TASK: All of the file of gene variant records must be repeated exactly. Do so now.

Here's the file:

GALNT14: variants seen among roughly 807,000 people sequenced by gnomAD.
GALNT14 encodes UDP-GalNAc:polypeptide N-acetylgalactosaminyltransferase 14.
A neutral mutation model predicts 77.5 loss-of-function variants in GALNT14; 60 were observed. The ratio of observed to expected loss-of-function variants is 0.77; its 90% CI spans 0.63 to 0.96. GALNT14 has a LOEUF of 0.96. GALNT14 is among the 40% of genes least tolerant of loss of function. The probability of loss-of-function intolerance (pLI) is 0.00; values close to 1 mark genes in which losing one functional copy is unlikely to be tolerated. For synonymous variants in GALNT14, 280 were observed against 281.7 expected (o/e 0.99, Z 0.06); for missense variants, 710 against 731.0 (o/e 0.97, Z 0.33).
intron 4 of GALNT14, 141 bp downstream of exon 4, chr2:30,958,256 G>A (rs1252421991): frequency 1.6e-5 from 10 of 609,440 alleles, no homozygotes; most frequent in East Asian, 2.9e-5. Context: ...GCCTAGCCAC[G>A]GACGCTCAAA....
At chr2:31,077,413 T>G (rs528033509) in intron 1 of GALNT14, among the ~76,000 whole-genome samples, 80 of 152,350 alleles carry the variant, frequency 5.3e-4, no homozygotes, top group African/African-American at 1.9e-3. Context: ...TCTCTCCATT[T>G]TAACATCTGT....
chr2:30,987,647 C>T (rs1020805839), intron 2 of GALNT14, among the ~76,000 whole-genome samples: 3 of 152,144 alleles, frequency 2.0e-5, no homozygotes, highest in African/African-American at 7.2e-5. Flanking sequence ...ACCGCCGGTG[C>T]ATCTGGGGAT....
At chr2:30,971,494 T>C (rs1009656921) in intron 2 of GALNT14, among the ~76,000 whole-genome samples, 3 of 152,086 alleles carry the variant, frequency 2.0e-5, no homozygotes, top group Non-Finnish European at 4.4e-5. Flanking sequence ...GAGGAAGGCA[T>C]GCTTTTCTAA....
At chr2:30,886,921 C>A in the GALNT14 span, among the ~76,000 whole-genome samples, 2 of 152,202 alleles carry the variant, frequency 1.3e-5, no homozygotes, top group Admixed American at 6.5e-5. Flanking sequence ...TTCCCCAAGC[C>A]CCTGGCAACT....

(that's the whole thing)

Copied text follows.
GALNT14: variants seen among roughly 807,000 people sequenced by gnomAD.
GALNT14 encodes UDP-GalNAc:polypeptide N-acetylgalactosaminyltransferase 14.
A neutral mutation model predicts 77.5 loss-of-function variants in GALNT14; 60 were observed. The ratio of observed to expected loss-of-function variants is 0.77; its 90% CI spans 0.63 to 0.96. GALNT14 has a LOEUF of 0.96. GALNT14 is among the 40% of genes least tolerant of loss of function. The probability of loss-of-function intolerance (pLI) is 0.00; values close to 1 mark genes in which losing one functional copy is unlikely to be tolerated. For synonymous variants in GALNT14, 280 were observed against 281.7 expected (o/e 0.99, Z 0.06); for missense variants, 710 against 731.0 (o/e 0.97, Z 0.33).
intron 4 of GALNT14, 141 bp downstream of exon 4, chr2:30,958,256 G>A (rs1252421991): frequency 1.6e-5 from 10 of 609,440 alleles, no homozygotes; most frequent in East Asian, 2.9e-5. Context: ...GCCTAGCCAC[G>A]GACGCTCAAA....
At chr2:31,077,413 T>G (rs528033509) in intron 1 of GALNT14, among the ~76,000 whole-genome samples, 80 of 152,350 alleles carry the variant, frequency 5.3e-4, no homozygotes, top group African/African-American at 1.9e-3. Context: ...TCTCTCCATT[T>G]TAACATCTGT....
chr2:30,987,647 C>T (rs1020805839), intron 2 of GALNT14, among the ~76,000 whole-genome samples: 3 of 152,144 alleles, frequency 2.0e-5, no homozygotes, highest in African/African-American at 7.2e-5. Flanking sequence ...ACCGCCGGTG[C>T]ATCTGGGGAT....
At chr2:30,971,494 T>C (rs1009656921) in intron 2 of GALNT14, among the ~76,000 whole-genome samples, 3 of 152,086 alleles carry the variant, frequency 2.0e-5, no homozygotes, top group Non-Finnish European at 4.4e-5. Flanking sequence ...GAGGAAGGCA[T>C]GCTTTTCTAA....
At chr2:30,886,921 C>A in the GALNT14 span, among the ~76,000 whole-genome samples, 2 of 152,202 alleles carry the variant, frequency 1.3e-5, no homozygotes, top group Admixed American at 6.5e-5. Flanking sequence ...TTCCCCAAGC[C>A]CCTGGCAACT....